Pioneering American artist Richard Artschwager's long and varied career, spanning from the early 1950s to the first decade of the 21st century, leaves a unique legacy. Working across mediums of painting, collage, sculpture, and installation, his work confounds familiar perceptions of space, form, and objects of everyday life.Read More
Hard to categorise, Artschwager's practice combined the whimsical quotidian references and commercial materials seen in pop art, with the cool detachment of simple, solid geometric forms seen in Minimal and Conceptual art.
Artschwager originally trained to be a microbiologist. After serving in the army in the Second World War, Artschwager studied mathematics and science at Cornell University, receiving a BA in 1948, after which he studied in the studio school of pioneering French purist painter Amédée Ozenfant.
In a lengthy interlude from his artistic development, Artschwager spent most of the 1950s working as a cabinet and furniture-maker—an experience that allowed him to hone skills and interests related to craft and design.
Artschwager's artistic career took another turn in the late 1950s, when a disastrous fire burnt down his workshop. Using industrial materials left over from the fire, the artist began constructing semi-figurative and abstract sculptures.
Richard's Artschwager early artworks capitalised, among other things, on the illusory qualities of Formica, an industrial laminate the artist had become familiar with in his furniture-making of the 1950s. The artist used the material to create an impression of three-dimensional texture, such as woodgrain patterns, on flat surfaces.
In 1964, Artschwager participated in a group show at New York's Leo Castelli Gallery—his first appearance at the gallery, where he would have his first solo show the following year. The exhibition included Table and Chair (1963-1964), which confounds perceptions of space through a two-dimensional representation of a table and chairs on a three-dimensional Formica sculpture.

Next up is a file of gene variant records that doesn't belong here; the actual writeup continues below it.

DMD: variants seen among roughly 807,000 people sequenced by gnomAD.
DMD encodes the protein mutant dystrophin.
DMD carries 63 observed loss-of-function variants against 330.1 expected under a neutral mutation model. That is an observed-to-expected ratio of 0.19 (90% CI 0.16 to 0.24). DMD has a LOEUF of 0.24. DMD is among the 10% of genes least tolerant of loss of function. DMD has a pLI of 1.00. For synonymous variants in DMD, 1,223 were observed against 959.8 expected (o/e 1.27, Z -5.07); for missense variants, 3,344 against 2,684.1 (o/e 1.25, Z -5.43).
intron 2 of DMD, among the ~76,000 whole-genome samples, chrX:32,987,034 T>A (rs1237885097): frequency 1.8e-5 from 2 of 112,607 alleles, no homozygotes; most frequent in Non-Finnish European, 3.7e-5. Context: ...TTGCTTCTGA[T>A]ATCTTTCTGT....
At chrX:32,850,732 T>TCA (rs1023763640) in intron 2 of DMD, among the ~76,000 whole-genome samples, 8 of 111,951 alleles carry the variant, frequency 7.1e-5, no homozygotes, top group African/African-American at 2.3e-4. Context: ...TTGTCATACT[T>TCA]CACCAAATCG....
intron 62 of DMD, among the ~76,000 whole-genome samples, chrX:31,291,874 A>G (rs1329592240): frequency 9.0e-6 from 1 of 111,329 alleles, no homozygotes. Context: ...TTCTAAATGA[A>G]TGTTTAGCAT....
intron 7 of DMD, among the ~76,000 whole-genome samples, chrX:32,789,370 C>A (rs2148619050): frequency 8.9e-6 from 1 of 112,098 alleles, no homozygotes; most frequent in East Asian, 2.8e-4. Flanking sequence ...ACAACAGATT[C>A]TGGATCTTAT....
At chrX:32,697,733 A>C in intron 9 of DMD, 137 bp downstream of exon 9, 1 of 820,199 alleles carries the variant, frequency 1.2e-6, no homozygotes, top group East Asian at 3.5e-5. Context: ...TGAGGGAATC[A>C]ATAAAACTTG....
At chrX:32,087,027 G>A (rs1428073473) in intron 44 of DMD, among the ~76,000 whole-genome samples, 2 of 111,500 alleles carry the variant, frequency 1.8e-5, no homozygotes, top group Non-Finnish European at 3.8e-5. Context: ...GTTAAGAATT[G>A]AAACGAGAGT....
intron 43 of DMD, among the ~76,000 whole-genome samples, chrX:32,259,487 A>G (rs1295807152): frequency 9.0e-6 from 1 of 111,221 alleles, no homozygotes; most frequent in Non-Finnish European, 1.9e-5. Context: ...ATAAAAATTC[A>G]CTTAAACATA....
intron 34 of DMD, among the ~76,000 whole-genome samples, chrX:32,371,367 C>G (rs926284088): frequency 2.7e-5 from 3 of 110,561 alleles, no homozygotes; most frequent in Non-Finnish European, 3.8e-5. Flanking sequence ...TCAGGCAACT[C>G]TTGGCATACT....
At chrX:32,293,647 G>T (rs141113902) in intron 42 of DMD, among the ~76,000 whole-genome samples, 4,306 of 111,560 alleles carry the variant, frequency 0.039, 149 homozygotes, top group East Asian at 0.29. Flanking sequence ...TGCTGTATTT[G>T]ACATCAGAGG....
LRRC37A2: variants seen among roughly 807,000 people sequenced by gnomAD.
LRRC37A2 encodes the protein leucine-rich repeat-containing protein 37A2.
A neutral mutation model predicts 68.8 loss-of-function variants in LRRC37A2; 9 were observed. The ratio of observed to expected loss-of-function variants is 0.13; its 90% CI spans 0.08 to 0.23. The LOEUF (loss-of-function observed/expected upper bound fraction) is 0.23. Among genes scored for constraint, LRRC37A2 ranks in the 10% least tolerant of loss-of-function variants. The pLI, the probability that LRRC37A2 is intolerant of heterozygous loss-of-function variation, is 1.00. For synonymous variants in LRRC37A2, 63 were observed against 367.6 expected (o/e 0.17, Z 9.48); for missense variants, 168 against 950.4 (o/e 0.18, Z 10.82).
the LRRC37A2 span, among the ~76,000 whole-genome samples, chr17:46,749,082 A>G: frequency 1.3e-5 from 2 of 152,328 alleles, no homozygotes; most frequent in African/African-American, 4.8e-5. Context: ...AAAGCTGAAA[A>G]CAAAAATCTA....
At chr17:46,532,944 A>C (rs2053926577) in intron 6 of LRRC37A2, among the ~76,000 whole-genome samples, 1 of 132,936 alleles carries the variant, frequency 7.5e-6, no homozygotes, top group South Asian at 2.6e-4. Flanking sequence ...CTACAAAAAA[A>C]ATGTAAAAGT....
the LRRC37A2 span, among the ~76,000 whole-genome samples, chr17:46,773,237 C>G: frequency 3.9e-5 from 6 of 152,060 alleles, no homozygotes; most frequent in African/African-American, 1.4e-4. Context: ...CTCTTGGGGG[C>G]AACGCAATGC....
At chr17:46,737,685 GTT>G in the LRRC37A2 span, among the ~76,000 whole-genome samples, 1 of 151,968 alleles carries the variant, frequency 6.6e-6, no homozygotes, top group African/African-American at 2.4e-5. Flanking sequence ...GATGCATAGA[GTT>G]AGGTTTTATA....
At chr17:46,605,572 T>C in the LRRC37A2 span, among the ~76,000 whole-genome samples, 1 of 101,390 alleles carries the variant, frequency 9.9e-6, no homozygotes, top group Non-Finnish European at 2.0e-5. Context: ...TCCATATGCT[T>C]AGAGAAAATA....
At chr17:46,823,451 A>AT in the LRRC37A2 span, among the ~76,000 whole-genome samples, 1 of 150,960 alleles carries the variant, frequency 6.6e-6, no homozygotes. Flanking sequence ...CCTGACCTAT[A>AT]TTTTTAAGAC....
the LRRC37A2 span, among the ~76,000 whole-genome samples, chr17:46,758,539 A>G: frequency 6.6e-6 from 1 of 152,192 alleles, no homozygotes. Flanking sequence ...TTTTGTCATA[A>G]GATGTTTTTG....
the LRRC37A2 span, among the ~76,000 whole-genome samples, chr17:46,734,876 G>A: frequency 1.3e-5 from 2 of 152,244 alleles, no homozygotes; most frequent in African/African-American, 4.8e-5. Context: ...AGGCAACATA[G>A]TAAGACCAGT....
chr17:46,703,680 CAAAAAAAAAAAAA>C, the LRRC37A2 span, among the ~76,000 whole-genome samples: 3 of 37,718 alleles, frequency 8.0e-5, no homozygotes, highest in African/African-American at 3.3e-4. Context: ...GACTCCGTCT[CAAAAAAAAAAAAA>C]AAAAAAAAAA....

This confounding of dimensions was further reversed in a series of black and white paintings on Celotex that Artschwager began making in the 1960s. A fibreboard with a rough and deep texture, Celotex a three-dimensional quality to his paintings of found photographs.
Another enduring early motif of Artschwager's are his 'blps'. The oval shapes, described by the artist as resembling a knockwurst sliced longitudinally, served as conceptual focal points, bringing new spatial perceptions to empty and in-between spaces. Artschwager's blps appeared throughout his career—from their genesis in 1967, when Artschwager was teaching at UC Davis in California, to one of his last public art projects before his passing, on the High Line in Manhattan in 2013.
Richard Artschwager's 'blps' have been presented in countless solo and group exhibitions across the United States and overseas, along with later innovations. These include his 'quotation pieces' from the 1970s, which are three-dimensional representations of punctuation.
Artschwager's works have consistently featured in major art events such as documenta, Kassel (in 1968, 1972, 1982, 1987, and 1992). Key solo exhibitions of the artist's later career include Up and Across (2001, Neues Museum, Nuremberg), which travelled to London's Serpentine Gallery (2001); Museum für angewandte Kunst (MAK), Vienna; the Kunstmuseum Winterthur, Switzerland (2002); Kaiser Wilhelm Museum, Krefeld, Germany; and Staatliche Graphische Sammlung, Munich (2003). Further solo exhibitions include Up and Down/Back and Forth (2003, Deutsche Guggenheim Berlin); and Hair (2010, Contemporary Art Museum, Saint Louis).
In 2012, the Whitney Museum of American Art in New York opened Richard Artschwager! (2012–2013), its first solo retrospective of the artist's work since 1988. The show, which travelled to the Hammer Museum, Los Angeles, followed by Haus der Kunst in Munich and the Nouveau Musée National de Monaco, came to an end shortly before the artist's passing on 9 February 2013.
Michael Irwin | Ocula | 2020
Bob Monk discusses 'Primary Sources' (16 January–23 February 2019), which he curated at Gagosian, New York. The exhibition presents key paintings and drawings by Richard Artschwager, along with source materials from the artist’s personal archive.
While critics have argued that Richard Artschwager was an artist whose works alternated between Pop, Minimalism, and Conceptual Art, there was little doubt he possessed his own singularity removed from the fray. Whether he chose to work with bewildering banal subject matter or media references to sex and violence, Artschwager maintained the...